Joe Garity was walking through Missouri to no place in particular during the
time when Fulton Gravel Road was the shortest route between New York City and
Los Angeles. He waited until Dad’s work was winding down, and then asked for a
job. He was neatly dressed, polite and unfamiliar with what goes on at a busy
dairy farm. However, Dad needed an extra hired hand, and he figured Joe was
hungry, had no place to sleep and could surely learn to wash milk cans and
things like that.
“I pay a dollar and a half and your keep,” Dad said. “We could give you
supper and a bed, and then see what we can work out tomorrow.” Joe agreed to
that. He stayed in our unfinished attic room, and we accepted him as one of
the family. Mom did his laundry and mending.
Joe fit in from the first. We five would play Flinch after supper, or Mom
would play the piano and we’d sing. He didn’t tell us when he had a birthday,
didn’t write or get letters or use the telephone. The only identification he
ever gave was that he had a sister in Scranton, Pa. If he carried any extra
clothes, they weren’t for work, because he used his first week’s pay to buy
bib overalls and a blue shirt like the other men wore.
Three years later he had purchased a wonderful Silvertone radio and some
lesser gifts for our family and an old car for himself. We’d huddle around
that morning glory speaker and listened to stations WLS and KDKA. My world was
extending beyond the farm and the town, four miles away, for the first time.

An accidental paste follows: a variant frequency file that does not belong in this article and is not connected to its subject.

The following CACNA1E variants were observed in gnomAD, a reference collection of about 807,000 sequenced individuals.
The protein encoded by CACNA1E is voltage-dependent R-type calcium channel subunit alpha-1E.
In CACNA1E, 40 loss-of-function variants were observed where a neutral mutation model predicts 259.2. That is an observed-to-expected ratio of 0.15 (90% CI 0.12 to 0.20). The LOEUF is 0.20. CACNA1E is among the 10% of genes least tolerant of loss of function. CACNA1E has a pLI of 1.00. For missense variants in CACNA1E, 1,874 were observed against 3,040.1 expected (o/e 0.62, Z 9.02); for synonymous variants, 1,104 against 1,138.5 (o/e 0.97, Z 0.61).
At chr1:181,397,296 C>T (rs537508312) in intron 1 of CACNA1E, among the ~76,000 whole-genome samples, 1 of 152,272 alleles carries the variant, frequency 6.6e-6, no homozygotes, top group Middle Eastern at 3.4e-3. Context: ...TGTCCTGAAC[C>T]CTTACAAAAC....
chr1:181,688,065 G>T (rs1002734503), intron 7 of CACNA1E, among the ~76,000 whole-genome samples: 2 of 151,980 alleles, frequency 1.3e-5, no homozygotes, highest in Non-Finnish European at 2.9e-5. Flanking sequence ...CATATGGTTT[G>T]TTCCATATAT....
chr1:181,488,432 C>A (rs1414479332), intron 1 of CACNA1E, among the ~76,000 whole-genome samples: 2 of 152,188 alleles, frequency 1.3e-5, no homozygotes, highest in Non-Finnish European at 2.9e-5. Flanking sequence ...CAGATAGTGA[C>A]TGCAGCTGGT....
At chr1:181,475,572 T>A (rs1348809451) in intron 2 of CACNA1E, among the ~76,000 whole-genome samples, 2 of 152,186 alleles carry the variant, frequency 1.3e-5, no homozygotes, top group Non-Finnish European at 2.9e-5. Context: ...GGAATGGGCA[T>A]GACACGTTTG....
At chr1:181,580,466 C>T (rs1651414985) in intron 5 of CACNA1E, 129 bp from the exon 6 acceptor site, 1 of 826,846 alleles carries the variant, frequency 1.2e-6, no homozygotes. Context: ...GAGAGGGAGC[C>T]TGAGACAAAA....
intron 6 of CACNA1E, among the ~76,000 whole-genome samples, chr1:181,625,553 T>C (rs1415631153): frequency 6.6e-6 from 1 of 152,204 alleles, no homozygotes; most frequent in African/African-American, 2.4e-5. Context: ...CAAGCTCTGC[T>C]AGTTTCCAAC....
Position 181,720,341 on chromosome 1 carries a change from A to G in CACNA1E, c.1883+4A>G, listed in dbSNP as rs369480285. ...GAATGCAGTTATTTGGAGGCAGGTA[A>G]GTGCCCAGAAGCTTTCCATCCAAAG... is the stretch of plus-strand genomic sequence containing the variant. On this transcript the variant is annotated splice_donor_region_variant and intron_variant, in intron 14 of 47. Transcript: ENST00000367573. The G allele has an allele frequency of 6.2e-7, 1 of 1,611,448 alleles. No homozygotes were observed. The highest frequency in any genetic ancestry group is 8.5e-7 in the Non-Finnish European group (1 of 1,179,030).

The winter of the big snow and ice storm, the men hunted up some rusty Keen
Kutter ice skates that clamped onto the thick soles of their shoes. They
sharpened them and skated everywhere!~ The 6-inch snow was covered with a
thick layer of ice, and we had some great slopes for skating. My shoes
wouldn’t hold the clamps, and I still don’t have skates. On pay day Joe went
to Hays Hardware and bought me a pair of brand new ice skates that had leather
and straps at the heels. Wow! That was about the greatest thing I’d ever had
happen to me!
We’d start at the steep incline in front of the house and fly downhill. I
learned to slow down and squat low to get under a two-strand barbed wire fence
and to hop across a little branch and then skate up the hill on the opposite
side. Little things like that changed this kid’s life.
My own children have never had a chance to skate over the pastures, and we
don’t welcome ice over snow, but we’ve skated on ponds and creeks a lot. Big
Ceder Creek is near our farm, and my friend, Petie, and her son, Jimmy, went
there with us one very cold day. Nobody remembers much about the skating that
day when the children were in grade school. We built a good fire, and the kids
set sticks on fire and played like they were sparklers.
I looked at Petie and she looked at me. Should we tell about grapevines? We
smiled silently and told the youngster to hunt up some dry, wild grapevines.
Soon, all five of us were “smoking” those hollow vines and trying to blow
smoke rings. We knew we risked starting our kids on a bad habit. Not to worry!
They accepted it for what it was: their old moms, reliving some fun things
they had done in childhood.